Political marginalization of “Others” in consociational regimes


2018. Zeitschrift für Vergleichende Politikwissenschaft | Comparative Governance and Politics. PDF

Nenad Stojanović


Polities that follow the consociational model of democracy adopt powersharing

provisions, guaranteeing a certain number of seats to representatives of

their societies’ main ethnic groups. Yet in all hardcore (“corporate”) consociational

systems—Belgium, Bosnia and Herzegovina, Burundi, Lebanon, Northern Ireland,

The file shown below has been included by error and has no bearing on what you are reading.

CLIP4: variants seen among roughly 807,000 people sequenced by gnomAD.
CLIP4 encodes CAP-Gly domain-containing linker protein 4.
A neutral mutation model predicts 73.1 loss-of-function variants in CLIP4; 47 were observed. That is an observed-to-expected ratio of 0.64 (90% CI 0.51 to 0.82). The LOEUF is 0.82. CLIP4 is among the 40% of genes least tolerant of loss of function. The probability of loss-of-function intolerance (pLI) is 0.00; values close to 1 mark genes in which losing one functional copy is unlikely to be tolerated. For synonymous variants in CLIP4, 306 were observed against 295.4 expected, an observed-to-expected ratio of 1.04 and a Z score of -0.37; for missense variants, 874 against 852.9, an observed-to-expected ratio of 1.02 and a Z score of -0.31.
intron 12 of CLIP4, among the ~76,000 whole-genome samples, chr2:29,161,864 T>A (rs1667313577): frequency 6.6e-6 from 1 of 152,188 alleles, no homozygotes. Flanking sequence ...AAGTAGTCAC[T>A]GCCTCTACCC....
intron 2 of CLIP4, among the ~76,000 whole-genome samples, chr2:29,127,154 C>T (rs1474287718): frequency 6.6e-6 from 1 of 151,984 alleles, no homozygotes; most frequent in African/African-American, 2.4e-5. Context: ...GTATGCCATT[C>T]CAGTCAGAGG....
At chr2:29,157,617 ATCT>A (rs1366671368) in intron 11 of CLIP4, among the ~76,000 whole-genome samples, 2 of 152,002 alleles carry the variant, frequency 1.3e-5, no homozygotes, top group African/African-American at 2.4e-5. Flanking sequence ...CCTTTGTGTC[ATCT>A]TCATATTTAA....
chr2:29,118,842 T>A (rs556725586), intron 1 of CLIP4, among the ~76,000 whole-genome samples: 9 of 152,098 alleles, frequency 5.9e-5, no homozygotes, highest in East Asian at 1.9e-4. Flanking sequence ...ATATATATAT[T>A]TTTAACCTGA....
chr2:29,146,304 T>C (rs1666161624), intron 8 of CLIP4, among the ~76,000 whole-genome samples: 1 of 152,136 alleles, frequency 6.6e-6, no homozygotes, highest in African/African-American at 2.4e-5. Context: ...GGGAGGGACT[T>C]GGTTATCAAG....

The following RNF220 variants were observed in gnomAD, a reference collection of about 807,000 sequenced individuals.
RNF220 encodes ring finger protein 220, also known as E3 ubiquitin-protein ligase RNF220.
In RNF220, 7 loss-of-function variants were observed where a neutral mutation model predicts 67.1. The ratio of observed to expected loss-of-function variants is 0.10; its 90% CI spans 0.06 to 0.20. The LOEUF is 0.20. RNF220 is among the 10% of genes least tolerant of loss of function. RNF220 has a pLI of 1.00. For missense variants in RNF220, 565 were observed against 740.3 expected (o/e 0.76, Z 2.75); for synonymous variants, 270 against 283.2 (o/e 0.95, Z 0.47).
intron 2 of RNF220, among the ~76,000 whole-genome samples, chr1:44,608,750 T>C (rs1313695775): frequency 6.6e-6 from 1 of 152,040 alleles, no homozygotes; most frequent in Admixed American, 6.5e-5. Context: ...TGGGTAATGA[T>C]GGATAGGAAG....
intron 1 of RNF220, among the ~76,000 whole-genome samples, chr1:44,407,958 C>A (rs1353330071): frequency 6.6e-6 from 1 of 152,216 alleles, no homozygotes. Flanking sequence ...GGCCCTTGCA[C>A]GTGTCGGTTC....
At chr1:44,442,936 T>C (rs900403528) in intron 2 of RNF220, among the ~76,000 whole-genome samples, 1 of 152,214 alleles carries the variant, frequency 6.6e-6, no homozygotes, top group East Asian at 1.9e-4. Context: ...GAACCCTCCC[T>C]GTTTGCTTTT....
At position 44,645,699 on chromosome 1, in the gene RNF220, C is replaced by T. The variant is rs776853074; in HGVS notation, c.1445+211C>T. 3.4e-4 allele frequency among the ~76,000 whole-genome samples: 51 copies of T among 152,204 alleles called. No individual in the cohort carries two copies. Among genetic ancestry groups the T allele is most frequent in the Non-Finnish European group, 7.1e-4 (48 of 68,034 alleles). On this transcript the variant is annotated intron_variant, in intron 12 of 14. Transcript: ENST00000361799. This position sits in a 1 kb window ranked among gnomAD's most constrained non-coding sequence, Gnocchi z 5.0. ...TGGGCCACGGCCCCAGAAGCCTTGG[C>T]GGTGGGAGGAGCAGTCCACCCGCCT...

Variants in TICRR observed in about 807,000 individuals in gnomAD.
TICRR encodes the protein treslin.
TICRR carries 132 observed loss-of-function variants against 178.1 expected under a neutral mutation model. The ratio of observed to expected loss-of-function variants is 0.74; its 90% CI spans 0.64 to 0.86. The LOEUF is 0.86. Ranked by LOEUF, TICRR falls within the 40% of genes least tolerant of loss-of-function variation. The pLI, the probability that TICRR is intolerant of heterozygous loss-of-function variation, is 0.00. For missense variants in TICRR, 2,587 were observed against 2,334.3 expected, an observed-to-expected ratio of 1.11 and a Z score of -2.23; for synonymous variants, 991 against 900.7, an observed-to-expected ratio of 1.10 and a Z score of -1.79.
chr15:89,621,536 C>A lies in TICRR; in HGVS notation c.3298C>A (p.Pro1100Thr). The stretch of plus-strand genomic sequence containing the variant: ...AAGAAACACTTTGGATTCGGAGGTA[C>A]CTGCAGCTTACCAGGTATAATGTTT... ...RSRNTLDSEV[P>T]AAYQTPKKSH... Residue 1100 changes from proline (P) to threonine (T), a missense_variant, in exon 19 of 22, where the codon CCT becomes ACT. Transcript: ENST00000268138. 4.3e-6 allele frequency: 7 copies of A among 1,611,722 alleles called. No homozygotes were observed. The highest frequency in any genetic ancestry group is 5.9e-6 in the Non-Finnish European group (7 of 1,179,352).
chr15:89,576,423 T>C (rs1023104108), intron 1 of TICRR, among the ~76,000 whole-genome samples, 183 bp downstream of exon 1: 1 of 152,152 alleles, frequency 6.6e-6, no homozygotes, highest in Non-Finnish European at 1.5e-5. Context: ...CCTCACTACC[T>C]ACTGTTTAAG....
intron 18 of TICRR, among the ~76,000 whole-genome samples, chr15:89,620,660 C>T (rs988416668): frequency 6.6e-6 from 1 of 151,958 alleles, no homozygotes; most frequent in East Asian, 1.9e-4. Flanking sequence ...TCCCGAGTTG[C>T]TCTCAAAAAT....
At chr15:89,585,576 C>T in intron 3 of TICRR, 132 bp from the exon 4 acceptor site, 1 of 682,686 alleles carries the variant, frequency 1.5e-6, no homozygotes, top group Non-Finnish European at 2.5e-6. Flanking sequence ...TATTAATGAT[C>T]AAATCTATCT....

and South Tyrol—we also find “Others”: citizens who do not belong to any of the

main ethnic segments. These Others are typically subjected to patterns of political

marginalisation and exclusion that are problematic for a liberal democracy. In some

cases, such patterns have been deemed discriminatory by courts, most notably in

several rulings of the European Court of Human Rights concerning the position of

Others in Bosnia and Herzegovina. This article provides a conceptual framework for

identifying Others in consociational systems and presents the first comprehensive

overview of the legal and political status of Others in the six corporate consociations.

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